Silver as a Precious Metal


Silver is one of only a few rare natural elements that has maintained its status as a precious metal in nearly all civilizations throughout history. Gold (Au), Silver (Ag), Platinum (Pt) and Palladium (Pd) are currently considered to be the world’s top precious metals. The silver element is truly unique among metals, and very useful for it’s wide range of desirable characteristics.

Durability

Silver is a relatively soft, yet very durable metal (slightly harder than gold), with the ability to withstand intense polishing, corrosion and weathering. Chemically, silver is less reactive than most elements, making it virtually incorruptible. It stores very well. In addition, silver share the attributes of both durability and malleability, a combination that makes them ideal for shaping into metallic objects for a wide variety of personal and industrial uses.

Aesthetic Beauty

silver-precious-metalSilver has a beautiful brilliant white metallic luster, with the highest optical reflectivity of any other element, next to aluminum. Silver is a top choice for decorative ornaments, coins, jewelry, plating, mirrors, silverware and several other valuable items. Silver is known to tarnish through oxidization, where silver is exposed to air containing hydrogen sulfide, leaving a blackish bi-product of silver sulfide (tarnish). Although it lessens the aesthetic beauty of the silver, tarnish does not corrupt the silver itself. Tarnished silver can be cleaned and re-polished for centuries, returning the original appearance and shine. This makes silver a very timeless metal for precious artifacts and heirlooms.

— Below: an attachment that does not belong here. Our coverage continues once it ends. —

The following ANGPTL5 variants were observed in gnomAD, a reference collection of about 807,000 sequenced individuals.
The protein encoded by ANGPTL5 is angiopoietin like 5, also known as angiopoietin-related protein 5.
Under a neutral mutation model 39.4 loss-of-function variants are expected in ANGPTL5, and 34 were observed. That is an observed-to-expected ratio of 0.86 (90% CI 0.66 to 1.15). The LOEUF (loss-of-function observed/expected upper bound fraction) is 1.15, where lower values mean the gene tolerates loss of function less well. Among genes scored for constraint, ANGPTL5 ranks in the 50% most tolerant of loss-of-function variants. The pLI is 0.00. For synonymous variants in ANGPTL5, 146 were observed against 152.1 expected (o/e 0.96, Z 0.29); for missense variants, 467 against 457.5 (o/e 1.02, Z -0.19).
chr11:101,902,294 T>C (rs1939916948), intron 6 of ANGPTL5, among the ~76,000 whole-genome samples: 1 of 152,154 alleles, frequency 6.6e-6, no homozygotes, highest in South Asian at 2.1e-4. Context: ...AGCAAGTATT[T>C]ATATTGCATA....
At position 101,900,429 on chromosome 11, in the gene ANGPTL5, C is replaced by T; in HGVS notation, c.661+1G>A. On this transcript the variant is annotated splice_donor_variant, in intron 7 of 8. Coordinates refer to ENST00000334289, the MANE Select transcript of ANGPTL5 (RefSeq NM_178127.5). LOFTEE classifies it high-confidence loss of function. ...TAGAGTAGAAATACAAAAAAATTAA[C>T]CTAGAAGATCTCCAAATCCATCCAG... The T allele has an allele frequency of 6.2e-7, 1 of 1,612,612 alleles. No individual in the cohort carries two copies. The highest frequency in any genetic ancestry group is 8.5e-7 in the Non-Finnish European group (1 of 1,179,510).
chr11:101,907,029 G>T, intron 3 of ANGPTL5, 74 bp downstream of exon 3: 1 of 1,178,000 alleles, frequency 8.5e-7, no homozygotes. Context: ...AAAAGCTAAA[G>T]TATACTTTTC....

Quality Alloys

britannia silver silverwareBecause silver is a softer metal, most silver items are made from a silver alloy. For example, most jewelry and silverware is made from sterling silver, a 92.5% silver/7.5% copper mix (to add durability). Most sterling silver is finished with a 99.9% pure silver plating for a shinier, whiter finish. Britannia silver (95.8% pure) is also a common blend of silver, used for more luxurious dinnerware and collectors items, including some British silver coins. In the United States, items claiming to be silver must be at least 92.5% (sterling) pure to be sold and marketed as such. Throughout the twentieth century, the US Treasury made 90% silver coins (10% copper), to give circulated coins longer life. In the 1970s, some US silver dollars used a 40% silver alloy.

Wealth & Currency

Certainly one of silver’s most popular uses has been for currency. As far back as 700 BCE, there are records of civilizations using silver coins as money. Since then, it has remained a common practice for cultures to use silver coins for bartering and facilitating trade. Today, there are hundreds of varieties of silver coins, of different designs, rarities, nationalities, sizes and shapes.

Regardless of silver’s role in history or it’s uses in industry, it has withstood the test of time as a highly coveted material for investment, collecting, utility and industry. It’s constant value and demand truly make it one of the world’s most precious metals.

 

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